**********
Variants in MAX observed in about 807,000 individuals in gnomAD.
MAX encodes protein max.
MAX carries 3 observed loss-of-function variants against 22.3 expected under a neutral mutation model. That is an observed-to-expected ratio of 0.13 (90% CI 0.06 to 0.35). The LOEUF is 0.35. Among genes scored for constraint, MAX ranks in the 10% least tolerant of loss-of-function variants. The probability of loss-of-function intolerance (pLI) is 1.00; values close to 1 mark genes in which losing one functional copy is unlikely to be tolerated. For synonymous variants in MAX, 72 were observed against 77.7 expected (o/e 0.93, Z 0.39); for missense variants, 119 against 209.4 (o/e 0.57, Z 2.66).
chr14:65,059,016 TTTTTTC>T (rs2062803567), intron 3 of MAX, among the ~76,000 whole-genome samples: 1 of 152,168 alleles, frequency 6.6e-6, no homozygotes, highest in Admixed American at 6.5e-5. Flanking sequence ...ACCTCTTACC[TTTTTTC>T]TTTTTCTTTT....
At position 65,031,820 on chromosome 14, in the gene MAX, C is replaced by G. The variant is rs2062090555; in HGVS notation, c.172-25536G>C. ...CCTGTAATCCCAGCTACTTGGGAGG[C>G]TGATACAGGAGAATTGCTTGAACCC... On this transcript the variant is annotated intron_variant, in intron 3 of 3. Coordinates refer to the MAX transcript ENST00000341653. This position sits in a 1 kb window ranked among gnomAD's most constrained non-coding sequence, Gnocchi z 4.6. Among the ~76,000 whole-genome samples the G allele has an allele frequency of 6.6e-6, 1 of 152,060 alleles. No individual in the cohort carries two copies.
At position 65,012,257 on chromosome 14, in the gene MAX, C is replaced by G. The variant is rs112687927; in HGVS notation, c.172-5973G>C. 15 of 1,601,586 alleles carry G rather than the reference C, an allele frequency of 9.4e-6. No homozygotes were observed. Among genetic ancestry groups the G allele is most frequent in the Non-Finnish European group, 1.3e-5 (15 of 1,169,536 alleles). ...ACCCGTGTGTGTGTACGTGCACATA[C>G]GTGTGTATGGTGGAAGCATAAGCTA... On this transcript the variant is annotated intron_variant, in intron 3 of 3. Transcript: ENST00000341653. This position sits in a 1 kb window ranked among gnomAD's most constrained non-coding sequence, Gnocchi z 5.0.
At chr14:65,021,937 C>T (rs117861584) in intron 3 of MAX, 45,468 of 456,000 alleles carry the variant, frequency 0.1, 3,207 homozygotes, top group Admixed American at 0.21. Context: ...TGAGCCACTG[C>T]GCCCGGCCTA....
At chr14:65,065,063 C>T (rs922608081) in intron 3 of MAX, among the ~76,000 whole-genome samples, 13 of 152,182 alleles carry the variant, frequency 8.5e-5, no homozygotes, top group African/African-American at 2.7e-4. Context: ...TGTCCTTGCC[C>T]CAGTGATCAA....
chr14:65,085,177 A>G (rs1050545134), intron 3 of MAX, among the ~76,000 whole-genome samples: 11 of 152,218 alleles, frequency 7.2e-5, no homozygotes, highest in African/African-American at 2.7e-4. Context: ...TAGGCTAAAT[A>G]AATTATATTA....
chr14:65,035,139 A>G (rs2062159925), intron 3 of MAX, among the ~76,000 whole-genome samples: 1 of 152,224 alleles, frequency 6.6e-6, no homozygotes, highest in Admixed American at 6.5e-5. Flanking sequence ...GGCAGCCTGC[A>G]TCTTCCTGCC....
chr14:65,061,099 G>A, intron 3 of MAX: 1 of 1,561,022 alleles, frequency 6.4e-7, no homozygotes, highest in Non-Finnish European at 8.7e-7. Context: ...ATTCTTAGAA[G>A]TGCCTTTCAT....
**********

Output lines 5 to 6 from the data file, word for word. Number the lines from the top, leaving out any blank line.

At position 65,031,820 on chromosome 14, in the gene MAX, C is replaced by G. The variant is rs2062090555; in HGVS notation, c.172-25536G>C. ...CCTGTAATCCCAGCTACTTGGGAGG[C>G]TGATACAGGAGAATTGCTTGAACCC... On this transcript the variant is annotated intron_variant, in intron 3 of 3. Coordinates refer to the MAX transcript ENST00000341653. This position sits in a 1 kb window ranked among gnomAD's most constrained non-coding sequence, Gnocchi z 4.6. Among the ~76,000 whole-genome samples the G allele has an allele frequency of 6.6e-6, 1 of 152,060 alleles. No individual in the cohort carries two copies.
At position 65,012,257 on chromosome 14, in the gene MAX, C is replaced by G. The variant is rs112687927; in HGVS notation, c.172-5973G>C. 15 of 1,601,586 alleles carry G rather than the reference C, an allele frequency of 9.4e-6. No homozygotes were observed. Among genetic ancestry groups the G allele is most frequent in the Non-Finnish European group, 1.3e-5 (15 of 1,169,536 alleles). ...ACCCGTGTGTGTGTACGTGCACATA[C>G]GTGTGTATGGTGGAAGCATAAGCTA... On this transcript the variant is annotated intron_variant, in intron 3 of 3. Transcript: ENST00000341653. This position sits in a 1 kb window ranked among gnomAD's most constrained non-coding sequence, Gnocchi z 5.0.